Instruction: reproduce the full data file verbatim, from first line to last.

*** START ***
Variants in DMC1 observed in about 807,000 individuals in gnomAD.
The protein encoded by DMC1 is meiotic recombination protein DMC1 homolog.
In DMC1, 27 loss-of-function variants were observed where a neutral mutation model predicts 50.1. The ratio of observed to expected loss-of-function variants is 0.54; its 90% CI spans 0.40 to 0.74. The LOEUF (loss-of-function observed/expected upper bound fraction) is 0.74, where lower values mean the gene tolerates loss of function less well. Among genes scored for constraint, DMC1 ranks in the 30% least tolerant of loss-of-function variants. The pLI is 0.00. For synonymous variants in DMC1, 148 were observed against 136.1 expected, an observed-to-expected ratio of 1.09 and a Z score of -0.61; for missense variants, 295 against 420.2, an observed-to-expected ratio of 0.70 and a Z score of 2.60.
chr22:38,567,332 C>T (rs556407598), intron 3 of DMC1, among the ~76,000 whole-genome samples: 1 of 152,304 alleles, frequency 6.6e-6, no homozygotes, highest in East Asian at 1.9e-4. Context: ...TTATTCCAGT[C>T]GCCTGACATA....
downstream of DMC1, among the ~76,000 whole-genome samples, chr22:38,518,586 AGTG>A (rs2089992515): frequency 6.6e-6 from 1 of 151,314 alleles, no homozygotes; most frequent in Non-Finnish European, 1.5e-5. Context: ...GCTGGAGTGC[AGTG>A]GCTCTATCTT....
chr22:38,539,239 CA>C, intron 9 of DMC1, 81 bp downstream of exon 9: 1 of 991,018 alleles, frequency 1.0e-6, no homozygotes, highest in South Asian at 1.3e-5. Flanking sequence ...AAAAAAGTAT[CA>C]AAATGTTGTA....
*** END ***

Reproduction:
Variants in DMC1 observed in about 807,000 individuals in gnomAD.
The protein encoded by DMC1 is meiotic recombination protein DMC1 homolog.
In DMC1, 27 loss-of-function variants were observed where a neutral mutation model predicts 50.1. The ratio of observed to expected loss-of-function variants is 0.54; its 90% CI spans 0.40 to 0.74. The LOEUF (loss-of-function observed/expected upper bound fraction) is 0.74, where lower values mean the gene tolerates loss of function less well. Among genes scored for constraint, DMC1 ranks in the 30% least tolerant of loss-of-function variants. The pLI is 0.00. For synonymous variants in DMC1, 148 were observed against 136.1 expected, an observed-to-expected ratio of 1.09 and a Z score of -0.61; for missense variants, 295 against 420.2, an observed-to-expected ratio of 0.70 and a Z score of 2.60.
chr22:38,567,332 C>T (rs556407598), intron 3 of DMC1, among the ~76,000 whole-genome samples: 1 of 152,304 alleles, frequency 6.6e-6, no homozygotes, highest in East Asian at 1.9e-4. Context: ...TTATTCCAGT[C>T]GCCTGACATA....
downstream of DMC1, among the ~76,000 whole-genome samples, chr22:38,518,586 AGTG>A (rs2089992515): frequency 6.6e-6 from 1 of 151,314 alleles, no homozygotes; most frequent in Non-Finnish European, 1.5e-5. Context: ...GCTGGAGTGC[AGTG>A]GCTCTATCTT....
chr22:38,539,239 CA>C, intron 9 of DMC1, 81 bp downstream of exon 9: 1 of 991,018 alleles, frequency 1.0e-6, no homozygotes, highest in South Asian at 1.3e-5. Flanking sequence ...AAAAAAGTAT[CA>C]AAATGTTGTA....